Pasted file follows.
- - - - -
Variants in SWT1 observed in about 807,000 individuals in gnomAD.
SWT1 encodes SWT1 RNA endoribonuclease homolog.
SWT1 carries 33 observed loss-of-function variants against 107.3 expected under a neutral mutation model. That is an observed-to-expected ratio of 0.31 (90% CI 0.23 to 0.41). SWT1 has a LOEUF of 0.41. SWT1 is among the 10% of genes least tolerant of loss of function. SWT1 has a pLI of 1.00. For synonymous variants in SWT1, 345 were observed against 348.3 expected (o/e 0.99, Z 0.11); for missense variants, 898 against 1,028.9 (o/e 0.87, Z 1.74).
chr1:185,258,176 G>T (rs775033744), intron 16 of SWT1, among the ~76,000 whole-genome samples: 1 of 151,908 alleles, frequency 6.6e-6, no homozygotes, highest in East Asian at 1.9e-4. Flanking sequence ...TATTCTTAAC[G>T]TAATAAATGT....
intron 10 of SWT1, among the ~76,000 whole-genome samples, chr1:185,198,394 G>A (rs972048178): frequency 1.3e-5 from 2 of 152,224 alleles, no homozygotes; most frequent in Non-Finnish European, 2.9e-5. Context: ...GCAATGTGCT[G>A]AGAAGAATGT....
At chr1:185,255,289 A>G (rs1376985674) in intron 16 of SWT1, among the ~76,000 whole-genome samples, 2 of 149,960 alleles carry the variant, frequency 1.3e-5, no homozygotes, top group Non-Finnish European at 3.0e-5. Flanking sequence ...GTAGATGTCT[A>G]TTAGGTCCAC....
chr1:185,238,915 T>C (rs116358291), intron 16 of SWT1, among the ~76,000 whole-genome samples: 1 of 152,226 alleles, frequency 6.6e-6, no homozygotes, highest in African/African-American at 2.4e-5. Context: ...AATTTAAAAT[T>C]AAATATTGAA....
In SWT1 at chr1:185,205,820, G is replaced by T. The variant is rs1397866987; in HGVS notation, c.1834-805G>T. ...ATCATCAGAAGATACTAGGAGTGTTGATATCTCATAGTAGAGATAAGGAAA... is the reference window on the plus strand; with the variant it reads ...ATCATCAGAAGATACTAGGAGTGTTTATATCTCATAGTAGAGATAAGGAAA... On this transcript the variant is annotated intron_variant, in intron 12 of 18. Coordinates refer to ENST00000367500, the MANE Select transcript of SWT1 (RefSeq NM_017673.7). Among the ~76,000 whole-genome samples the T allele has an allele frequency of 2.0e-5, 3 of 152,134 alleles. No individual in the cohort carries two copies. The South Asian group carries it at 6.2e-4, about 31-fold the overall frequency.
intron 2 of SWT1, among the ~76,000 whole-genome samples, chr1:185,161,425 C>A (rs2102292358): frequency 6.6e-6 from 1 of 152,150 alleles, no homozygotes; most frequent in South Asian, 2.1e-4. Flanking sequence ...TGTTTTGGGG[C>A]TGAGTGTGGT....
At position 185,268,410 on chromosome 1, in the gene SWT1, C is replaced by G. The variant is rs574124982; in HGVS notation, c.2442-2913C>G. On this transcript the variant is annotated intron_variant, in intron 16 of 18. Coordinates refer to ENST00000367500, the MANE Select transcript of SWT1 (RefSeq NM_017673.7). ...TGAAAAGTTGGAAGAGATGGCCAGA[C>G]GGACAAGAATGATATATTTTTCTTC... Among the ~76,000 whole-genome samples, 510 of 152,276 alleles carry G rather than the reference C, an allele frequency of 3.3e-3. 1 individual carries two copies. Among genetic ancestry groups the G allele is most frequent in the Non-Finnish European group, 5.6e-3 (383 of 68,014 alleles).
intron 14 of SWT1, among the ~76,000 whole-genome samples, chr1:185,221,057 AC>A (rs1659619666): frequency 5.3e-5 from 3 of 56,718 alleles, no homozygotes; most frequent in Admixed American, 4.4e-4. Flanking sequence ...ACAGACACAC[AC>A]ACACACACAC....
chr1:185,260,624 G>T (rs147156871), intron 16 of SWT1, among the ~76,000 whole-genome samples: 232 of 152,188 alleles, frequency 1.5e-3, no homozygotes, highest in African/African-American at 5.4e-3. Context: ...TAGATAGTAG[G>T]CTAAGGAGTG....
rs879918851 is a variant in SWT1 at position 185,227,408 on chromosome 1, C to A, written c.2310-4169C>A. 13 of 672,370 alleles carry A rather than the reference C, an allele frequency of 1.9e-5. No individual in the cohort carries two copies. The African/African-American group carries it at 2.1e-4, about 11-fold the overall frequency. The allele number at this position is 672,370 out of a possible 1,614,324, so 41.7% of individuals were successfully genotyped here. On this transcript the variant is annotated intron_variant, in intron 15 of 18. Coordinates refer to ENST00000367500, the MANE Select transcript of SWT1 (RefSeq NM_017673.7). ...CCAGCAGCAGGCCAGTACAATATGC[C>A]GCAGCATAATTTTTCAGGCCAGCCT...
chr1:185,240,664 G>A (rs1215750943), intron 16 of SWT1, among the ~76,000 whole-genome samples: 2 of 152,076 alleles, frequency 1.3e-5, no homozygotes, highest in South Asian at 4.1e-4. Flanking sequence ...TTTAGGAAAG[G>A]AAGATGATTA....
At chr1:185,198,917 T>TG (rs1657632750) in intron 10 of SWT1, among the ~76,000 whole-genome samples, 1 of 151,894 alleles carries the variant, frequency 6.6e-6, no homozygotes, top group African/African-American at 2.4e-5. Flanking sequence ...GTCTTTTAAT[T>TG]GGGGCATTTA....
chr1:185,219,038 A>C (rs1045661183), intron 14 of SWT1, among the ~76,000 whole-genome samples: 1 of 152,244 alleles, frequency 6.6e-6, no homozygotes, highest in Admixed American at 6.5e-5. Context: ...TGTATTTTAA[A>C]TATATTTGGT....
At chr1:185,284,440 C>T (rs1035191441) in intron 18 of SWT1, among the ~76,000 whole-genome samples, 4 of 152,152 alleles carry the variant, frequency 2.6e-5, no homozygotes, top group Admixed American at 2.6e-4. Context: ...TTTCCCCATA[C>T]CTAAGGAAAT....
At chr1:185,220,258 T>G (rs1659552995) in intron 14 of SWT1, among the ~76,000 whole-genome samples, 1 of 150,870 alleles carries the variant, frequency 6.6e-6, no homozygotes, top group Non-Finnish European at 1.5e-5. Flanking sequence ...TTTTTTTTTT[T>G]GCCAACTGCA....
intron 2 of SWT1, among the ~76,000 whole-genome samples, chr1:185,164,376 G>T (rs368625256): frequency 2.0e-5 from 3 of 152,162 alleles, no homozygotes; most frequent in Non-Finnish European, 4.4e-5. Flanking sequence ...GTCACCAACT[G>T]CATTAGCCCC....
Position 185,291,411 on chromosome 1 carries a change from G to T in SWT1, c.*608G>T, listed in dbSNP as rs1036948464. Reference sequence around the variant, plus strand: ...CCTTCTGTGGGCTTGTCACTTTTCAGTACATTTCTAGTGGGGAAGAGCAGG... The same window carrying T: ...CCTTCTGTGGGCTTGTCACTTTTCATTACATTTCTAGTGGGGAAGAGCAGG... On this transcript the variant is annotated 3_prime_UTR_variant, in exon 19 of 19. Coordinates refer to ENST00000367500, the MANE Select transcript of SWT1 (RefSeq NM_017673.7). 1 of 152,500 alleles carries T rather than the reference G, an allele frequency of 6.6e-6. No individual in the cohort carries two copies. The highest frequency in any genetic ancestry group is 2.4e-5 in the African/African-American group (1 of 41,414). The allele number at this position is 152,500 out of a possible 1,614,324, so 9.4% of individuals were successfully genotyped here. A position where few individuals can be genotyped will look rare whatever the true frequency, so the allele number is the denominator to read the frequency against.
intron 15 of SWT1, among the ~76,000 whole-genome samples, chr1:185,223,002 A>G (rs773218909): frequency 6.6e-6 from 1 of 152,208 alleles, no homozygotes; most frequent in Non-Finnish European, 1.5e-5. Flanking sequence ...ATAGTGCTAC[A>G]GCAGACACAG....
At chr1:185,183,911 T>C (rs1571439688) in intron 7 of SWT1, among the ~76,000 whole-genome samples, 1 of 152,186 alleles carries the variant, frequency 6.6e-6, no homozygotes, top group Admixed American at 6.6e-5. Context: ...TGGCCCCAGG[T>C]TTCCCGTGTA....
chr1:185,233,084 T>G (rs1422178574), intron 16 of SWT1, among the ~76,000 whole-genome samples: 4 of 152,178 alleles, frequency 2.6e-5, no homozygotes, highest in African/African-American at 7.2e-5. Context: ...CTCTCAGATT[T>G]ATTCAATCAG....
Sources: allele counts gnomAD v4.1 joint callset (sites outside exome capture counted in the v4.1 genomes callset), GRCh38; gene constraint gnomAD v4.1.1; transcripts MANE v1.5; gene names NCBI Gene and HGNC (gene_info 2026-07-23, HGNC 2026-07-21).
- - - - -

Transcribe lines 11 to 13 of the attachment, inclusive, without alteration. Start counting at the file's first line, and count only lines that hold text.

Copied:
intron 14 of SWT1, among the ~76,000 whole-genome samples, chr1:185,221,057 AC>A (rs1659619666): frequency 5.3e-5 from 3 of 56,718 alleles, no homozygotes; most frequent in Admixed American, 4.4e-4. Flanking sequence ...ACAGACACAC[AC>A]ACACACACAC....
chr1:185,260,624 G>T (rs147156871), intron 16 of SWT1, among the ~76,000 whole-genome samples: 232 of 152,188 alleles, frequency 1.5e-3, no homozygotes, highest in African/African-American at 5.4e-3. Context: ...TAGATAGTAG[G>T]CTAAGGAGTG....
rs879918851 is a variant in SWT1 at position 185,227,408 on chromosome 1, C to A, written c.2310-4169C>A. 13 of 672,370 alleles carry A rather than the reference C, an allele frequency of 1.9e-5. No individual in the cohort carries two copies. The African/African-American group carries it at 2.1e-4, about 11-fold the overall frequency. The allele number at this position is 672,370 out of a possible 1,614,324, so 41.7% of individuals were successfully genotyped here. On this transcript the variant is annotated intron_variant, in intron 15 of 18. Coordinates refer to ENST00000367500, the MANE Select transcript of SWT1 (RefSeq NM_017673.7). ...CCAGCAGCAGGCCAGTACAATATGC[C>A]GCAGCATAATTTTTCAGGCCAGCCT...